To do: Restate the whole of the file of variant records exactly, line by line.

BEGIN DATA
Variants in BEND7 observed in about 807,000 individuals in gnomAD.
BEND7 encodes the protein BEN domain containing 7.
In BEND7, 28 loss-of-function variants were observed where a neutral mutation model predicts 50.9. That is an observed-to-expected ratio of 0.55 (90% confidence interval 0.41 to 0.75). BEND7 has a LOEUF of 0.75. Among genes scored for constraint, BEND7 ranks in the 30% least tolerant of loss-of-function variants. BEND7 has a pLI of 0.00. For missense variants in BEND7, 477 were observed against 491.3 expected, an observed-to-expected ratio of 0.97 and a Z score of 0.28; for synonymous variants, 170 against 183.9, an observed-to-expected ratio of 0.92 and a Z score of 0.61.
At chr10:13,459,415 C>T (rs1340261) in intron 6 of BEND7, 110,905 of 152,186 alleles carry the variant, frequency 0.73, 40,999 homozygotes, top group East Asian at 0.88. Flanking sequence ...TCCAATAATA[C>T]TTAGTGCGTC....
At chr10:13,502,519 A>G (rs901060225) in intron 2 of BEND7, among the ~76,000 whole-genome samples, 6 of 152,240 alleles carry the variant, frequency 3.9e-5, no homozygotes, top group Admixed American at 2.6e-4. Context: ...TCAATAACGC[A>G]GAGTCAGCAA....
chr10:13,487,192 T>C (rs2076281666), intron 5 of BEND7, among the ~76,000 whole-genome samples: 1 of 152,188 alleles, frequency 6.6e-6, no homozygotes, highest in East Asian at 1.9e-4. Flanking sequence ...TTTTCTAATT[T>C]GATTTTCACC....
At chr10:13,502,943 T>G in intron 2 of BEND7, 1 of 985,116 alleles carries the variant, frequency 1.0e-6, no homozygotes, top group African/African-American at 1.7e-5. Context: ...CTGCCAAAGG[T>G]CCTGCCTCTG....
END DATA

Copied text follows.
Variants in BEND7 observed in about 807,000 individuals in gnomAD.
BEND7 encodes the protein BEN domain containing 7.
In BEND7, 28 loss-of-function variants were observed where a neutral mutation model predicts 50.9. That is an observed-to-expected ratio of 0.55 (90% confidence interval 0.41 to 0.75). BEND7 has a LOEUF of 0.75. Among genes scored for constraint, BEND7 ranks in the 30% least tolerant of loss-of-function variants. BEND7 has a pLI of 0.00. For missense variants in BEND7, 477 were observed against 491.3 expected, an observed-to-expected ratio of 0.97 and a Z score of 0.28; for synonymous variants, 170 against 183.9, an observed-to-expected ratio of 0.92 and a Z score of 0.61.
At chr10:13,459,415 C>T (rs1340261) in intron 6 of BEND7, 110,905 of 152,186 alleles carry the variant, frequency 0.73, 40,999 homozygotes, top group East Asian at 0.88. Flanking sequence ...TCCAATAATA[C>T]TTAGTGCGTC....
At chr10:13,502,519 A>G (rs901060225) in intron 2 of BEND7, among the ~76,000 whole-genome samples, 6 of 152,240 alleles carry the variant, frequency 3.9e-5, no homozygotes, top group Admixed American at 2.6e-4. Context: ...TCAATAACGC[A>G]GAGTCAGCAA....
chr10:13,487,192 T>C (rs2076281666), intron 5 of BEND7, among the ~76,000 whole-genome samples: 1 of 152,188 alleles, frequency 6.6e-6, no homozygotes, highest in East Asian at 1.9e-4. Flanking sequence ...TTTTCTAATT[T>C]GATTTTCACC....
At chr10:13,502,943 T>G in intron 2 of BEND7, 1 of 985,116 alleles carries the variant, frequency 1.0e-6, no homozygotes, top group African/African-American at 1.7e-5. Context: ...CTGCCAAAGG[T>G]CCTGCCTCTG....